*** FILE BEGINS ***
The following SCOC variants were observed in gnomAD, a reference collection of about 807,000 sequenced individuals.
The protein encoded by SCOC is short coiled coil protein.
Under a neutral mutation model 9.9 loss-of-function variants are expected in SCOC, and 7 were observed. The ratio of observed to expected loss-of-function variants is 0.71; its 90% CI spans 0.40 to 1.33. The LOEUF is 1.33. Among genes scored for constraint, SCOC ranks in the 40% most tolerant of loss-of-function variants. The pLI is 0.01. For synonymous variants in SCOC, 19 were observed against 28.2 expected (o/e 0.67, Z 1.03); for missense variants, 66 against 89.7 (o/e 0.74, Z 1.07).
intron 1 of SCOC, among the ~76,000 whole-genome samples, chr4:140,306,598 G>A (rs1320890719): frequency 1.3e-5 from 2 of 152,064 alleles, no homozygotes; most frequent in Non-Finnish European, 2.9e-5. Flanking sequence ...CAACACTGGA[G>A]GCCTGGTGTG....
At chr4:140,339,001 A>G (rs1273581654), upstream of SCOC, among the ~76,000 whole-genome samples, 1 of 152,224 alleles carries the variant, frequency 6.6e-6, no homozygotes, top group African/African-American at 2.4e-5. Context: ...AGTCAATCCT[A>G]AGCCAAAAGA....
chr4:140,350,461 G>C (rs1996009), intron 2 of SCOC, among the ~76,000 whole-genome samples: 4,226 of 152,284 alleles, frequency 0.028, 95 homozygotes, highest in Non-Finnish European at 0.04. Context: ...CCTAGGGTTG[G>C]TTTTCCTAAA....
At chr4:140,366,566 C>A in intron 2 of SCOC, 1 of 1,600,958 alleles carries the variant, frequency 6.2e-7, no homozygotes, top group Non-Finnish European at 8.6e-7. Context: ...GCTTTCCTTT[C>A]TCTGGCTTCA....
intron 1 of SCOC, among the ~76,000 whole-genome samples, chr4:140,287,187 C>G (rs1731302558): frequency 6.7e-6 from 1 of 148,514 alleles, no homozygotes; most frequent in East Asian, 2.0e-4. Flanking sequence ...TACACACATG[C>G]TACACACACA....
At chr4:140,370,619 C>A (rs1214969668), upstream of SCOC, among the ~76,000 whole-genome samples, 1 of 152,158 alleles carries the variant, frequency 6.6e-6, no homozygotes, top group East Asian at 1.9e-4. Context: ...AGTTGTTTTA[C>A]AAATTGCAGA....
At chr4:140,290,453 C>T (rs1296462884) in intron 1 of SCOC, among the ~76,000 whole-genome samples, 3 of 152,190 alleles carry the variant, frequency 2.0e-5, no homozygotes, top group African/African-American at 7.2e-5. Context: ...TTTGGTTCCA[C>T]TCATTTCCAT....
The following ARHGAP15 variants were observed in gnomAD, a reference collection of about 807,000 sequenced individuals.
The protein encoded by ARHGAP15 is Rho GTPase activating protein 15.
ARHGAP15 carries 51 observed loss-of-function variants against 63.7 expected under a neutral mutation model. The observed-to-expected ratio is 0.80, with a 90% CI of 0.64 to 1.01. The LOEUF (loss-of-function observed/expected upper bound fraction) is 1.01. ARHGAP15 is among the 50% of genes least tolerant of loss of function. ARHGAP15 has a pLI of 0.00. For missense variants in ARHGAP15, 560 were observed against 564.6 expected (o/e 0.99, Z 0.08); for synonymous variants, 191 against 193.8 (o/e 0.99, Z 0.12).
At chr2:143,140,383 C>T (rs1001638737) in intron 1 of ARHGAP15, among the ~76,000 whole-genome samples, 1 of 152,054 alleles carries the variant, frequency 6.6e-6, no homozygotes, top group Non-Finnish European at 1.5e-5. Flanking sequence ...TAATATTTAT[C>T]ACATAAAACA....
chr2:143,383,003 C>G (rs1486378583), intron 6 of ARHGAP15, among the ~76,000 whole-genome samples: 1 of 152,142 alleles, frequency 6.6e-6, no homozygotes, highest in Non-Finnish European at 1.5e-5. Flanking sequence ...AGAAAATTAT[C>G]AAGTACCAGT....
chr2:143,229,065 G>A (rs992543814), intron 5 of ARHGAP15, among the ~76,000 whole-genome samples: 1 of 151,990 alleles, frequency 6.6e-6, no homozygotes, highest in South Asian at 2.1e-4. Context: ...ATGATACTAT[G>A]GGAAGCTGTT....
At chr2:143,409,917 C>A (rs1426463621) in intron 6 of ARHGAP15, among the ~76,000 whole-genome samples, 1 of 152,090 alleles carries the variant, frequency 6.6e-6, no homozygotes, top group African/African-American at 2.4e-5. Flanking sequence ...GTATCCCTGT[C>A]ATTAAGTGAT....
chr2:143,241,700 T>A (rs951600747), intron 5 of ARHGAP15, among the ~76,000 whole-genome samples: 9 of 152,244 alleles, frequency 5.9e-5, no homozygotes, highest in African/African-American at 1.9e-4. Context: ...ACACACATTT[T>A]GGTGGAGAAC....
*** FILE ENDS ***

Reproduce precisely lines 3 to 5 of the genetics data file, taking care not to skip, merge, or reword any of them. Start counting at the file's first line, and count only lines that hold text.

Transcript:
Under a neutral mutation model 9.9 loss-of-function variants are expected in SCOC, and 7 were observed. The ratio of observed to expected loss-of-function variants is 0.71; its 90% CI spans 0.40 to 1.33. The LOEUF is 1.33. Among genes scored for constraint, SCOC ranks in the 40% most tolerant of loss-of-function variants. The pLI is 0.01. For synonymous variants in SCOC, 19 were observed against 28.2 expected (o/e 0.67, Z 1.03); for missense variants, 66 against 89.7 (o/e 0.74, Z 1.07).
intron 1 of SCOC, among the ~76,000 whole-genome samples, chr4:140,306,598 G>A (rs1320890719): frequency 1.3e-5 from 2 of 152,064 alleles, no homozygotes; most frequent in Non-Finnish European, 2.9e-5. Flanking sequence ...CAACACTGGA[G>A]GCCTGGTGTG....
At chr4:140,339,001 A>G (rs1273581654), upstream of SCOC, among the ~76,000 whole-genome samples, 1 of 152,224 alleles carries the variant, frequency 6.6e-6, no homozygotes, top group African/African-American at 2.4e-5. Context: ...AGTCAATCCT[A>G]AGCCAAAAGA....